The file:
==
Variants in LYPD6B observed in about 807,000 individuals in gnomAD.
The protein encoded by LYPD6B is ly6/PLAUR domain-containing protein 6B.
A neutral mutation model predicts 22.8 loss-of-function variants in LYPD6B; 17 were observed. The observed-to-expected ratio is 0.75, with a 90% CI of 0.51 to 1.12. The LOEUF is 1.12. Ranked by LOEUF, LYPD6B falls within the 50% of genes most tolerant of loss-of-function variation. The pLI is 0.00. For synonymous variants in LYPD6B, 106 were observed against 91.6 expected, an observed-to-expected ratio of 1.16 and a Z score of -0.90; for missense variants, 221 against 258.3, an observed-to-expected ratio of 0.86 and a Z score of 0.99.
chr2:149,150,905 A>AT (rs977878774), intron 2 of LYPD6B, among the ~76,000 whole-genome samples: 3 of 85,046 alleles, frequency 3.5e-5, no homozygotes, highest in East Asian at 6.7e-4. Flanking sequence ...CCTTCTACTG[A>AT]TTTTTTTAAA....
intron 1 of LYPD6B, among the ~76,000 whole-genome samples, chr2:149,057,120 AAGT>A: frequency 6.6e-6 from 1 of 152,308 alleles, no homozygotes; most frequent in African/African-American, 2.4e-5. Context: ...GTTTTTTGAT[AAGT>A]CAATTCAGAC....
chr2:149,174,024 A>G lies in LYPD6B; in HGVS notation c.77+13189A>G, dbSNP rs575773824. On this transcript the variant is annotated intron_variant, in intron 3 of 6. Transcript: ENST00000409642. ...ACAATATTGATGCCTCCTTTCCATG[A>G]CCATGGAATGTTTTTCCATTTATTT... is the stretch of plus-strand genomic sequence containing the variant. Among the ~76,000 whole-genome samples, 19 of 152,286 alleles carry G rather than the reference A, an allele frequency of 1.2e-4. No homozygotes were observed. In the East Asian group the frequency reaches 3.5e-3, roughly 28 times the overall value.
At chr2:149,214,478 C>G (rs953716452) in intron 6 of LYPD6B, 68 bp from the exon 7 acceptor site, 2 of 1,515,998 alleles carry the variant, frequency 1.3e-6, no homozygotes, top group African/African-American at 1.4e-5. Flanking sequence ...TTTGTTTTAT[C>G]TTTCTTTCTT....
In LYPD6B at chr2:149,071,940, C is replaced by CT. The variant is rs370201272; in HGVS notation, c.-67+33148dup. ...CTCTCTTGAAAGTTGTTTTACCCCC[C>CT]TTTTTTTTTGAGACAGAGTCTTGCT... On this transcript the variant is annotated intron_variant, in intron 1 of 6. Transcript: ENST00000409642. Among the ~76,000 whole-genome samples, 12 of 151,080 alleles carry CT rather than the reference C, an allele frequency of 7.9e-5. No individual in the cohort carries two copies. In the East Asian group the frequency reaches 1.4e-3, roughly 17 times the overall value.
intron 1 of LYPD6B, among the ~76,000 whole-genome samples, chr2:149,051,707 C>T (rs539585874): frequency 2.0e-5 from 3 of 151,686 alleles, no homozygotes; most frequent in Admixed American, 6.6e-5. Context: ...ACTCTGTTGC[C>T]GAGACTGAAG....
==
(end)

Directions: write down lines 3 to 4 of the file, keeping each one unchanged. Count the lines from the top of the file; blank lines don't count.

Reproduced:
A neutral mutation model predicts 22.8 loss-of-function variants in LYPD6B; 17 were observed. The observed-to-expected ratio is 0.75, with a 90% CI of 0.51 to 1.12. The LOEUF is 1.12. Ranked by LOEUF, LYPD6B falls within the 50% of genes most tolerant of loss-of-function variation. The pLI is 0.00. For synonymous variants in LYPD6B, 106 were observed against 91.6 expected, an observed-to-expected ratio of 1.16 and a Z score of -0.90; for missense variants, 221 against 258.3, an observed-to-expected ratio of 0.86 and a Z score of 0.99.
chr2:149,150,905 A>AT (rs977878774), intron 2 of LYPD6B, among the ~76,000 whole-genome samples: 3 of 85,046 alleles, frequency 3.5e-5, no homozygotes, highest in East Asian at 6.7e-4. Flanking sequence ...CCTTCTACTG[A>AT]TTTTTTTAAA....